It was announced yesterday that Louisiana-based CenturyTel is buying Qwest, marking the second major takeover in ten years for the Denver telco. I have some history with the US West iteration of the company, having worked there from 1997 until the ill-fated Qwest “merger” in Summer 2000.
I was fortunate enough to be a part of USW’s PR group, which remains the best large corporate communication division I have ever seen (and in that role I got to do some interesting, groundbreaking work). I’ve continued to watch the company fairly closely through the years, especially as the unfortunate Nacchio affair unfolded (and am proud of the repeated stompings we here at S&R have administered to that amoral cur along the way). I have hoped for the best over at 1801 California for a number of reasons. I have friends (and at least one student) there still, and also we’re talking about a company that occupies an important place in the local economy.
So yesterday’s announcement finds me a tad ambivalent. On paper it seems like a move that will provide some stability for customers in the 14-state region. On the other, it seems unlikely that one or two folks I know are going to survive the inevitable downsizing. Losing a major corporate headquarters will cost the region some money and jobs, for sure, and perhaps a measure of prestige (if, in fact, Joe Nacchio didn’t destroy it all). And so on – for more on the business details, have a look at the Denver Business Journal’s coverage, linked above.
The main problem I have with the deal is ultimately the same problem I’ve had with Qwest for most of a decade now. Let’s roll back, briefly, to 1999 and 2000. US West, under CEO Solomon Trujillo (a man who has gone on to encounter difficulties in other places around the globe since then) was an odd, almost bizarre admixture of two things that we were told were mutually exclusive. On the one hand it was an old-economy, slow-moving, entrenched dinosaur of a regulated legacy telecom. POTS – “plain old telephone service” – encumbered with (gasp) a unionized employee base and no interest in joining the rest of the world in 20th Century, let alone the 21st. Some of this was true – it depended on which business unit you happened to be dealing with at the time.
On the other hand, US West was among the most innovative companies in the entire information / communication sector. For instance, it wasn’t a small, entrepreneurial start-up that first went to market with DSL, it was US West. At the time of the Qwest merger the company was planning to roll out an advanced VDSL offering in Phoenix (with other markets to follow), and it was also building a solid mobile service around some creative features that let you integrate your cell and landline services in ways that nobody else was even thinking about yet. Some days Trujillo was a bonehead (like when he decided to spin off the company’s cable unit) and other days he was a fecking visionary.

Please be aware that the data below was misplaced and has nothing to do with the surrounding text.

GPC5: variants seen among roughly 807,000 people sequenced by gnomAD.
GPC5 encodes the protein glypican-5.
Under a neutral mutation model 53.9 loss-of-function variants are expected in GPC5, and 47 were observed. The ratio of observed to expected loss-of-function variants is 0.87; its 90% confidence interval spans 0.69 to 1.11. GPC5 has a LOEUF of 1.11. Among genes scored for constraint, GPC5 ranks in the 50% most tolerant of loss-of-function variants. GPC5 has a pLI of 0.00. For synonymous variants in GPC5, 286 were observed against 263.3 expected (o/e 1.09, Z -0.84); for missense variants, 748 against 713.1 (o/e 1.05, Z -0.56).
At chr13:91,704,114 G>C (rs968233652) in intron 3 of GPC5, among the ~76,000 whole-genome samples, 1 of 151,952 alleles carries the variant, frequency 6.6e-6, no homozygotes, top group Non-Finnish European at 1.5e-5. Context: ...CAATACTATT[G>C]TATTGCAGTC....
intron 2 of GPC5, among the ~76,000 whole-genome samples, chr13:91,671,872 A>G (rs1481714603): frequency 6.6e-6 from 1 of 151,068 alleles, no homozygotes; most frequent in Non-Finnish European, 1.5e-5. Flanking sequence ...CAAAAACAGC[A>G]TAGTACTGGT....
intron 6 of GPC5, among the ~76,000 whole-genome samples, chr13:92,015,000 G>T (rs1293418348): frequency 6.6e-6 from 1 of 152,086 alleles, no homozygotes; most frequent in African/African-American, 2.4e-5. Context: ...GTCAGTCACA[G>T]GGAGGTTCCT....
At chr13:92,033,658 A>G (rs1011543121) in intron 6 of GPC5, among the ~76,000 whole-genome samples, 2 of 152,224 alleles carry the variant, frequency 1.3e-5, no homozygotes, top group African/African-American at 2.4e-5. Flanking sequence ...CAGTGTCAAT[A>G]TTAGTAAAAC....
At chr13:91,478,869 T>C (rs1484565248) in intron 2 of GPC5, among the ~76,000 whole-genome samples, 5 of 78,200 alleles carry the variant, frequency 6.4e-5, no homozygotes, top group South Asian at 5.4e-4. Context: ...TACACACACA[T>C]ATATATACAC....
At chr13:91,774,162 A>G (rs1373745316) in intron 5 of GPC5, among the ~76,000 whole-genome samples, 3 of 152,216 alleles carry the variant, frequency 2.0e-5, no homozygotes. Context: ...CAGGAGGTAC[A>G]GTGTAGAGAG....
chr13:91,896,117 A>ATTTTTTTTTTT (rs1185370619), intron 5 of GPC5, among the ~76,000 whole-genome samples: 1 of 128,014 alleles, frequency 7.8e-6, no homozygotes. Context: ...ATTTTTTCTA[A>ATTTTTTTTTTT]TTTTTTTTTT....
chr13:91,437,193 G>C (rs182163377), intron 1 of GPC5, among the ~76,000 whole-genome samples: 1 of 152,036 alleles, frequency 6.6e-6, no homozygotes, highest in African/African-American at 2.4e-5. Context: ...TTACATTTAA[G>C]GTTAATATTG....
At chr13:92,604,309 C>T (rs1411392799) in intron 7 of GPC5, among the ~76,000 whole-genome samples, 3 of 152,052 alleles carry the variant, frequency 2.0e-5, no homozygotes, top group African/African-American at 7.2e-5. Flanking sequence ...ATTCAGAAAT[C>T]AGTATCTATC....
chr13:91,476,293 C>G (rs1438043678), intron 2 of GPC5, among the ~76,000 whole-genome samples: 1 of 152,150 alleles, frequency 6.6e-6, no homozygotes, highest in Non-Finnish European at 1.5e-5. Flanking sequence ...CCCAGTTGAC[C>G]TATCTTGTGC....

Once the merger happened and Nacchio got his hands on the operation, though, things went rapidly to hell. His criminal behavior (and that of his henchmen) notwithstanding, the brilliant young vibrant innovative next-generation vital entrepreneurial nothing-like-that-evil-old-US-West customer-focused company-of-the-future never quite materialized. While I’ve never been entirely clear on who clocked whom in what room with the candlestick, the mobile focus disappeared. Qwest’s mobile play was quickly reduced to rebranding and reselling Sprint Wireless, and more recently they’ve dropped all branding pretense – today, if you get mobile through Qwest, you’re getting Verizon, period. If you’d like to bundle your television service into the package, they’ll send over a nice technician from Direct TV. Hell, Qwest might as well be Radio Shack.
This, unfortunately, was all happening at a time when more and more people were going mobile-only. I’m one of those people (I abandoned the landline in 2007) and if you’re not one, as well, odds are you know people who are. Which meant that someone had settled on a strategery that focused heavily on…the one thing that fewer and fewer customers wanted?
This oversimplifies a bit, of course – truth is that Qwest has an excellent business data unit (they may even be number one in the country on that front). And business services are extremely important for a national telco.
But in today’s telecom landscape, if you want to effectively compete in the consumer marketplace you need to be able to fulfill the following:
- TV (digital, HD, cable, satellite, whatever)
- Integration (that is, you need to be able to bundle these services in ways that are cost-effective for the consumer and operationally efficient for yourself)
Which brings me back around to CenturyTel + Qwest. I’ve been yarping for years that Q needed to get in bed with a mobile provider – either buy a national mobile footprint, merge with one, sell to one, something. The most obvious dance partners seemed to be Sprint and T Mobile, although I realize that neither of those options would be without hurdles. And for all I know, Qwest execs may have pursued those possibilities and couldn’t work it out. No idea.
But I’m looking at the newly merged company and seeing the same gaping void where the 21st Century ought to be. A quick glance of the CenturyLink Web site (that’s the CenturyTel consumer brand) suggests that they’re even further behind on the mobile question that Qwest – heck, they’re not even pretending. It’s as though mobile doesn’t exist.
If my fears are correct, the headline at the Denver Business Journal should have read something like “Dinosaurs marry, ignore meteor hurtling toward Earth.” I’d love to be wrong, but this looks like a business predicated on a rapidly eroding market, and I’m not sure I see much reason for long-term optimism.